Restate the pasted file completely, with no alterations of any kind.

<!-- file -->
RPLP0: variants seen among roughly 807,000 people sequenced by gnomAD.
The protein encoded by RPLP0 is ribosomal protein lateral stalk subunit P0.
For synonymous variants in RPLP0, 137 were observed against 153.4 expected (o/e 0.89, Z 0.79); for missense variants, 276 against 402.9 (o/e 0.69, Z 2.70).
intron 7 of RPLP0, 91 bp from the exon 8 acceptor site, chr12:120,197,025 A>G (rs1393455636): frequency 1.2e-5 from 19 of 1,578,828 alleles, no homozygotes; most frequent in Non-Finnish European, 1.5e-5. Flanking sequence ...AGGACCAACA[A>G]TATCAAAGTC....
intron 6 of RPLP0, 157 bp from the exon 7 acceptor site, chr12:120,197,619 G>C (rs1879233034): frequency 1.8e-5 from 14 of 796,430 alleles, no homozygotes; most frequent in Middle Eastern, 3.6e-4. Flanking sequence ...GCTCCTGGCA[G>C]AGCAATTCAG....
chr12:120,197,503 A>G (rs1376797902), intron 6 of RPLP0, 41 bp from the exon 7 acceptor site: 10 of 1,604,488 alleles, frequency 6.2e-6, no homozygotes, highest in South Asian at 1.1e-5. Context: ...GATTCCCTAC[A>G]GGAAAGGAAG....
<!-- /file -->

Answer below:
RPLP0: variants seen among roughly 807,000 people sequenced by gnomAD.
The protein encoded by RPLP0 is ribosomal protein lateral stalk subunit P0.
For synonymous variants in RPLP0, 137 were observed against 153.4 expected (o/e 0.89, Z 0.79); for missense variants, 276 against 402.9 (o/e 0.69, Z 2.70).
intron 7 of RPLP0, 91 bp from the exon 8 acceptor site, chr12:120,197,025 A>G (rs1393455636): frequency 1.2e-5 from 19 of 1,578,828 alleles, no homozygotes; most frequent in Non-Finnish European, 1.5e-5. Flanking sequence ...AGGACCAACA[A>G]TATCAAAGTC....
intron 6 of RPLP0, 157 bp from the exon 7 acceptor site, chr12:120,197,619 G>C (rs1879233034): frequency 1.8e-5 from 14 of 796,430 alleles, no homozygotes; most frequent in Middle Eastern, 3.6e-4. Flanking sequence ...GCTCCTGGCA[G>C]AGCAATTCAG....
chr12:120,197,503 A>G (rs1376797902), intron 6 of RPLP0, 41 bp from the exon 7 acceptor site: 10 of 1,604,488 alleles, frequency 6.2e-6, no homozygotes, highest in South Asian at 1.1e-5. Context: ...GATTCCCTAC[A>G]GGAAAGGAAG....